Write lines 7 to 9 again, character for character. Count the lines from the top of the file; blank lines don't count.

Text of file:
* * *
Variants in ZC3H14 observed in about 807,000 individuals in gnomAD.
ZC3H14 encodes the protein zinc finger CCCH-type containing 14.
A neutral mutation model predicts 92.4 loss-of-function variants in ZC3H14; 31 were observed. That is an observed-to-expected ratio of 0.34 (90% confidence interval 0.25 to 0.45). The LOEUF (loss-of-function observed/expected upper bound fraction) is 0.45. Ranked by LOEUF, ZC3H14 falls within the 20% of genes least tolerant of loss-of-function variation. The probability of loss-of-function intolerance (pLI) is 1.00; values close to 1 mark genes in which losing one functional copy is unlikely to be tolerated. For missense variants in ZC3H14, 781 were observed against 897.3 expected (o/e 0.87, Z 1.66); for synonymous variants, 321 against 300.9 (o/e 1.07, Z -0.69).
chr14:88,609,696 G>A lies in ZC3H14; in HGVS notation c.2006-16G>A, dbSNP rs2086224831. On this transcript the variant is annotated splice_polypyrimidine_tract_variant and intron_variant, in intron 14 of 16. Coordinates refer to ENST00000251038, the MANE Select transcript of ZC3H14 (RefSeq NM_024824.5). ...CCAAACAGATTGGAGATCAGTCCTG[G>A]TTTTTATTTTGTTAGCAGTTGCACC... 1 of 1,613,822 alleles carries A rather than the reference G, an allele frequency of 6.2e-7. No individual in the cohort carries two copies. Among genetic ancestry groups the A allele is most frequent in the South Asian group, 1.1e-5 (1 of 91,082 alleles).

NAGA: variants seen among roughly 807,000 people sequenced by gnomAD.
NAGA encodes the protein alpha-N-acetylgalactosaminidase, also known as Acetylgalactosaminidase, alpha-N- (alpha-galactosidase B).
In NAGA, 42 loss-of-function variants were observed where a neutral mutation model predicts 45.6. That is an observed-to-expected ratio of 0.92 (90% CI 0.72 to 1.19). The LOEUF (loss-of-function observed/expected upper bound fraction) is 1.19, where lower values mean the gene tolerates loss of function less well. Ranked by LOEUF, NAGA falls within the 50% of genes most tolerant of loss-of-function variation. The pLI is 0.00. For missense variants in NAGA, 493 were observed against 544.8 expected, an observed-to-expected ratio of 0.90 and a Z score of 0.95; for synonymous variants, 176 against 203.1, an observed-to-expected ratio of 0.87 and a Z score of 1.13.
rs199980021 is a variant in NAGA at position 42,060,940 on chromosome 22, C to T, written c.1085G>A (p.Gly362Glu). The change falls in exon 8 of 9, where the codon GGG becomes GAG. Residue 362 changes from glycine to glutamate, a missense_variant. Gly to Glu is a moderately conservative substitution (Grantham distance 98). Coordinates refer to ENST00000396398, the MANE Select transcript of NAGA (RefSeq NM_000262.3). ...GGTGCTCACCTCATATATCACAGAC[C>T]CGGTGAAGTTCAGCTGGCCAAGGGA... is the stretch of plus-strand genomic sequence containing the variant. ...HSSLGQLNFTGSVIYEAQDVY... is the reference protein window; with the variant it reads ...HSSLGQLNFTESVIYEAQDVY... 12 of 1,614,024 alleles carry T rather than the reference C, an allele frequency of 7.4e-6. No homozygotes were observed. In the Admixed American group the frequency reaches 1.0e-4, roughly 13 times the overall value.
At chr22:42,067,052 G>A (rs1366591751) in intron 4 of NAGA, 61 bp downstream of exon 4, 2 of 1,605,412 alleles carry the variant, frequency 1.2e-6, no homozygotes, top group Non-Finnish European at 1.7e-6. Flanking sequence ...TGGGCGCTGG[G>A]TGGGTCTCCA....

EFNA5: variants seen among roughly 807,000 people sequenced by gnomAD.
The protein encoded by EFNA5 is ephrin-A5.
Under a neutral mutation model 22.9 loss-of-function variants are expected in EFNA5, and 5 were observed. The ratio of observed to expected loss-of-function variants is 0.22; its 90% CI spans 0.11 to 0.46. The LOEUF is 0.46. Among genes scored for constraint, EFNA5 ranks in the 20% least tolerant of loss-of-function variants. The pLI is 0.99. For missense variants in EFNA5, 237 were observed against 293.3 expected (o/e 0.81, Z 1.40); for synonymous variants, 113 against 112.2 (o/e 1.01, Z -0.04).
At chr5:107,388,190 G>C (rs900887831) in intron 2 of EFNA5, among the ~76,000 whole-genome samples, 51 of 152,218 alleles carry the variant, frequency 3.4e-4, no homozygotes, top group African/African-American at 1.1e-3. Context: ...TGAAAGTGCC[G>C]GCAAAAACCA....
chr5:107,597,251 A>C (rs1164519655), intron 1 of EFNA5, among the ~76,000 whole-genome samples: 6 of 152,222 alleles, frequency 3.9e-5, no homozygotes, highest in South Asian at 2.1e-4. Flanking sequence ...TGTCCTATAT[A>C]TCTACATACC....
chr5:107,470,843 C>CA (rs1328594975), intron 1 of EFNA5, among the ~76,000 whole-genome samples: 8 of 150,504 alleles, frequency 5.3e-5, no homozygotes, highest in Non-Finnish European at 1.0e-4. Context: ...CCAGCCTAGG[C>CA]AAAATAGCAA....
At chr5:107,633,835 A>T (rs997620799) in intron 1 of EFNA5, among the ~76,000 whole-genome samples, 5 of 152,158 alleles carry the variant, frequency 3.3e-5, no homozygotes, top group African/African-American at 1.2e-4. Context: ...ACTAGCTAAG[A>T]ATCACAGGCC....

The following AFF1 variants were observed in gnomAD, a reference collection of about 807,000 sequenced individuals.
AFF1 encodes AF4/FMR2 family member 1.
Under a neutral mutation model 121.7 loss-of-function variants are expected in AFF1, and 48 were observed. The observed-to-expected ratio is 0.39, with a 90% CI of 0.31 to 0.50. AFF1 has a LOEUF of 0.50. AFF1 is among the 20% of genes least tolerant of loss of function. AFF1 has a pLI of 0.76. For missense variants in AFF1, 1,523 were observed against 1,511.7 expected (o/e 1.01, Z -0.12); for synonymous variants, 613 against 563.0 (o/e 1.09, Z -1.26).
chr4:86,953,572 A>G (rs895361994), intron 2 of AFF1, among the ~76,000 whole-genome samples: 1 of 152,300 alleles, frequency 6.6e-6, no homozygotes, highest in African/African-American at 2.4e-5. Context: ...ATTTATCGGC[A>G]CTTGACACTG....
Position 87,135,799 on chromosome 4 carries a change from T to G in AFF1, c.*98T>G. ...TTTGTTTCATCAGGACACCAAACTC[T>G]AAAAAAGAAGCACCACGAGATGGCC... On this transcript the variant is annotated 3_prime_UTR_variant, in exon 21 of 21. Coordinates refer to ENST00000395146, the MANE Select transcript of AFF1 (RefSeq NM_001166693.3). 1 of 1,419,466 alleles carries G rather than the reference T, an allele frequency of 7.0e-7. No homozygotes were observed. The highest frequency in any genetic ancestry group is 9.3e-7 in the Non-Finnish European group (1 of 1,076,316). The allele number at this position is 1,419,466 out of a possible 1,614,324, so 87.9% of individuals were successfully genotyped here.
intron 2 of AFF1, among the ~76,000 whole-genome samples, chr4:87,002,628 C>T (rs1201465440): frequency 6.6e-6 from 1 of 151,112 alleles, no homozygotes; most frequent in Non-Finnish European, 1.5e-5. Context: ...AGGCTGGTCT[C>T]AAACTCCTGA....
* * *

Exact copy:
In NAGA, 42 loss-of-function variants were observed where a neutral mutation model predicts 45.6. That is an observed-to-expected ratio of 0.92 (90% CI 0.72 to 1.19). The LOEUF (loss-of-function observed/expected upper bound fraction) is 1.19, where lower values mean the gene tolerates loss of function less well. Ranked by LOEUF, NAGA falls within the 50% of genes most tolerant of loss-of-function variation. The pLI is 0.00. For missense variants in NAGA, 493 were observed against 544.8 expected, an observed-to-expected ratio of 0.90 and a Z score of 0.95; for synonymous variants, 176 against 203.1, an observed-to-expected ratio of 0.87 and a Z score of 1.13.
rs199980021 is a variant in NAGA at position 42,060,940 on chromosome 22, C to T, written c.1085G>A (p.Gly362Glu). The change falls in exon 8 of 9, where the codon GGG becomes GAG. Residue 362 changes from glycine to glutamate, a missense_variant. Gly to Glu is a moderately conservative substitution (Grantham distance 98). Coordinates refer to ENST00000396398, the MANE Select transcript of NAGA (RefSeq NM_000262.3). ...GGTGCTCACCTCATATATCACAGAC[C>T]CGGTGAAGTTCAGCTGGCCAAGGGA... is the stretch of plus-strand genomic sequence containing the variant. ...HSSLGQLNFTGSVIYEAQDVY... is the reference protein window; with the variant it reads ...HSSLGQLNFTESVIYEAQDVY... 12 of 1,614,024 alleles carry T rather than the reference C, an allele frequency of 7.4e-6. No homozygotes were observed. In the Admixed American group the frequency reaches 1.0e-4, roughly 13 times the overall value.
At chr22:42,067,052 G>A (rs1366591751) in intron 4 of NAGA, 61 bp downstream of exon 4, 2 of 1,605,412 alleles carry the variant, frequency 1.2e-6, no homozygotes, top group Non-Finnish European at 1.7e-6. Flanking sequence ...TGGGCGCTGG[G>A]TGGGTCTCCA....